Late 1994—By this time, at least 38 sites have been invaded, with 3,700 acres infested. The alga is spotted at two sites in Croatia, more than 600 miles east of Monaco in the Adriatic Sea.
Late 1995—Monacan researchers publish an article in a journal of the French Academy of Sciences trying to prove that the alga came from the Red Sea and is innocuous(2).
July—Meinesz and marine biologist Charles-François Boudouresque publish a counter-article in the Academy of Sciences journal, arguing that certain results of the Monacan researchers are incorrect(3).
September—The European Community finances a second research program.
Late 1996—By this time, at least 68 sites have been invaded and 12,350 acres infested.
March—Workshop of the French Academy of Sciences with 50 specialists. Ambiguous conclusions are drawn concerning the origin and danger presented by the alga, but strong recommendations are made to attempt to prevent dissemination and to control the spread.
March—Meinesz publishes the first edition(4) of his book, which is published two years later in the U.S. as Killer Algae: The True Tale of a Biological Invasion (University of Chicago Press, 1999).
September—At the Third International Workshop on C. taxifolia at Marseilles, researchers ask French Prime Minister Lionel Jospin to establish a strategy for prevention and control.
March—At the United Nations Environmental Program's "Workshop on the Caulerpa Species Invasive in the Mediterranean," held at Heraklion, Crete, representatives unanimously conclude that the alga constitutes a major threat to Mediterranean ecosystems and recommend that all affected countries establish a strategy to prevent dissemination and curb the invasion.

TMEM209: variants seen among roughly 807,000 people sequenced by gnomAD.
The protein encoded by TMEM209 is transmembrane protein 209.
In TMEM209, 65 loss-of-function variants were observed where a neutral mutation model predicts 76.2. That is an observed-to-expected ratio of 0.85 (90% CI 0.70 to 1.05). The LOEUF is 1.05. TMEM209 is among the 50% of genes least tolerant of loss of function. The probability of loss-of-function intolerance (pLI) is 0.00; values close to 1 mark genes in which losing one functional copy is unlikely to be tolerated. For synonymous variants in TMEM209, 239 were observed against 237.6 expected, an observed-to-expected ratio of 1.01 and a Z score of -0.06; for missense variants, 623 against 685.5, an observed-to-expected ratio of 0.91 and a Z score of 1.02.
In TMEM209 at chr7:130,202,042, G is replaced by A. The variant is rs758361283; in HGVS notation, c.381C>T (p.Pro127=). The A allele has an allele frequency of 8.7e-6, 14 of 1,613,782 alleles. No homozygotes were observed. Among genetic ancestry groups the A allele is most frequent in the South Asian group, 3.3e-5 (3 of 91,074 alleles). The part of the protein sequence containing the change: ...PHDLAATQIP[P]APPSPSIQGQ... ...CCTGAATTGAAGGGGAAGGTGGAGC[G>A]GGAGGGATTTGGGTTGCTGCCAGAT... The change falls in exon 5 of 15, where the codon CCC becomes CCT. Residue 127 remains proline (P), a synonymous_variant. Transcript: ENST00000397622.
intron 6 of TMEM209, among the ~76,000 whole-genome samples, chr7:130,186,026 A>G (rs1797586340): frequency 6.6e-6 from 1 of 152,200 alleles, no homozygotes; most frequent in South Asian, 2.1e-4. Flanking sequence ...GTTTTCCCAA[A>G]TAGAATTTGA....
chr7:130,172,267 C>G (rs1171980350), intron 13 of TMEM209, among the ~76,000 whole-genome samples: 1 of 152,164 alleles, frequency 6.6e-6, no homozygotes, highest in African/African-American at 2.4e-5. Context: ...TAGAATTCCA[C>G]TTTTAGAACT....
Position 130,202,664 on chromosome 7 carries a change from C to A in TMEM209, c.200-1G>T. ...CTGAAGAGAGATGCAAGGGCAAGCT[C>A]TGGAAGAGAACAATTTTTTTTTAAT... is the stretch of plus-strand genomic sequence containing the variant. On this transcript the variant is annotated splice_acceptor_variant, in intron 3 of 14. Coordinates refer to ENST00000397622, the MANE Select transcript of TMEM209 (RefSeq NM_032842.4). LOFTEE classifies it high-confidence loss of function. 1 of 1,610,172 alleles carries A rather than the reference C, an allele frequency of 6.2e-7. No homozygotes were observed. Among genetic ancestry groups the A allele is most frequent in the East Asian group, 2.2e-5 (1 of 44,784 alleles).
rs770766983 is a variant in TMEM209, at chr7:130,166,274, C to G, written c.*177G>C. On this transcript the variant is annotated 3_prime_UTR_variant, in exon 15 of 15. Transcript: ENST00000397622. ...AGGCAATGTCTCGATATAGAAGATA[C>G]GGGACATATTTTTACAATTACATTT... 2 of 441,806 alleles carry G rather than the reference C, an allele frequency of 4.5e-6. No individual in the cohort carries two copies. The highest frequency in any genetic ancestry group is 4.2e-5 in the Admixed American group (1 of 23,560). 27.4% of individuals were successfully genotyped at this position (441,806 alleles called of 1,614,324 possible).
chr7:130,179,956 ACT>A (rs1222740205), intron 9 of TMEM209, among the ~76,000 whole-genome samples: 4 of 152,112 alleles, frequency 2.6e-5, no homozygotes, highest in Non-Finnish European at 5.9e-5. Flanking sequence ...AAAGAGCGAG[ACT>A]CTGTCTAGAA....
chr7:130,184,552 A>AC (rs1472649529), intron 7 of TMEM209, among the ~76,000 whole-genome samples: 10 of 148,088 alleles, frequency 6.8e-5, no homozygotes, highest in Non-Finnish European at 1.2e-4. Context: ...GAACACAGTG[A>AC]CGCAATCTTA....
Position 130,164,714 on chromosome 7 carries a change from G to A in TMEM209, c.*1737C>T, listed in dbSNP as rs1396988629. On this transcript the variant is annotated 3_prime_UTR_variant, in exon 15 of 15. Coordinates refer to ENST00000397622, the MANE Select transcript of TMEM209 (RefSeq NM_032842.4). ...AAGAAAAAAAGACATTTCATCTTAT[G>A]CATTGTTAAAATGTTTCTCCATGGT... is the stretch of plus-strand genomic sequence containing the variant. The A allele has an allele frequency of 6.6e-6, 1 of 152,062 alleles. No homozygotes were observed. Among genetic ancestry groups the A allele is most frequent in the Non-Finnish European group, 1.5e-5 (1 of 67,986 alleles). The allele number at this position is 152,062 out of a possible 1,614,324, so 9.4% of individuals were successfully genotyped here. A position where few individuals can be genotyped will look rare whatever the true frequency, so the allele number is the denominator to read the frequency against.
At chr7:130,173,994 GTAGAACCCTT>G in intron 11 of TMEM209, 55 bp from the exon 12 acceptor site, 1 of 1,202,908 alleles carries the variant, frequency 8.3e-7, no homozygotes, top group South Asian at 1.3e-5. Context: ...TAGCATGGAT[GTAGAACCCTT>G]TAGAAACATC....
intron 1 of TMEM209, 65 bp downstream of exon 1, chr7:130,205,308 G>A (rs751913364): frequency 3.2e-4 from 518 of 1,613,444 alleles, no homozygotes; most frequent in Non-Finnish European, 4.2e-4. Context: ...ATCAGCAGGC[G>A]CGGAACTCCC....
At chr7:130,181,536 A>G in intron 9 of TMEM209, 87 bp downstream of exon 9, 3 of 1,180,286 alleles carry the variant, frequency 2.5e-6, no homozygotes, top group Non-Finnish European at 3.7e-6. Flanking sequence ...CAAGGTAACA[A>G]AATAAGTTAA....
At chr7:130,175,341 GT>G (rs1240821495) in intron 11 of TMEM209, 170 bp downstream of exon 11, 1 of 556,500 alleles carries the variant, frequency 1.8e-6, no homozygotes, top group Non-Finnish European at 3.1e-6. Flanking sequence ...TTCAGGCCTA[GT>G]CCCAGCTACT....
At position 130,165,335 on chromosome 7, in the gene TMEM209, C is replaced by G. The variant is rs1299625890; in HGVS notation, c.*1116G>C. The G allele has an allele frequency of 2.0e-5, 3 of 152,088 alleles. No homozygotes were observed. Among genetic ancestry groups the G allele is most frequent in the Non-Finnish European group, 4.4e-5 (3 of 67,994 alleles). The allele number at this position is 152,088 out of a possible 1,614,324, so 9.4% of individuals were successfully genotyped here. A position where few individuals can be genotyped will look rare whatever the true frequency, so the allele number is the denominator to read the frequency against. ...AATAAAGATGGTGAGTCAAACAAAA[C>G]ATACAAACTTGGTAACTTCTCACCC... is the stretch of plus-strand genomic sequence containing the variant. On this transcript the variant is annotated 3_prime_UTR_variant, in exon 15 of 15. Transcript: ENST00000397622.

October—The first published study of C. taxifolia genetics reports that all aquarium strains and colonies from the Mediterranean are genetically the same(5).
January—Motion introduced to French Chamber of Deputies calling for inquiry into the polemic surrounding C. taxifolia and the slow response of the national government to the spread of the alga.
April—The U.S. Department of Agriculture adds the aquarium clone of C. taxifolia to the Federal noxious weed list.
January—The alga is found for the first time in the southern Mediterranean, in the seas near Sousse, Tunisia.
June—The alga is identified in California waters off San Diego and Los Angeles. Researchers monitor 11,300 square feet of the alga in San Diego's Agua Hedionda lagoon.
November—The scientific journal Nature publishes an article on the genetics of a large collection of C. taxifolia from around the world(6). The C. taxifolia identified in California is genetically the same as the strains from the Stuttgart aquarium and from the Mediterranean. Researchers discover that the aquarium strain is genetically close to a native strain of C. taxifolia that occurs off the Australian coast at Moreton Bay, which appears to be the original source of the alga that was cloned to form the aquarium strain.
January—Divers discover the invasive strain of C. taxifolia near Sydney, Australia, hundreds of miles from the native strain at Moreton Bay.
September—The Governor of California prohibits the sale, possession, and transport of C. taxifolia throughout California.
December—An article by Meinesz et al examining the spread of C. taxifolia in the Mediterranean shows that the alga has invaded 50 square miles of seabed along nearly 120 miles of coast(7). Researchers and others have now identified over 100 independent colonies in the sea.
January—An international meeting on C. taxifolia is held at San Diego, where the eradication of the alga is well under way under the auspices of the Southern California Caulerpa Action Team.
Spring—C. taxifolia turns up near Adelaide, hundreds of miles to the west of Sydney in southern Australia.
September—C. taxifolia arrives in Sardinia, the largest island in the Mediterranean Sea.
Autumn—A survey of San Diego's lagoon reveals no C. taxifolia.
February—A preliminary report on the situation of C. taxifolia along the coasts of southern France shows a rapid expansion, with 40 new colonized areas since December 2000 and more large, concentrated areas resulting from the fusion of numerous smaller zones.
Support provided by
For new content
visit the redesigned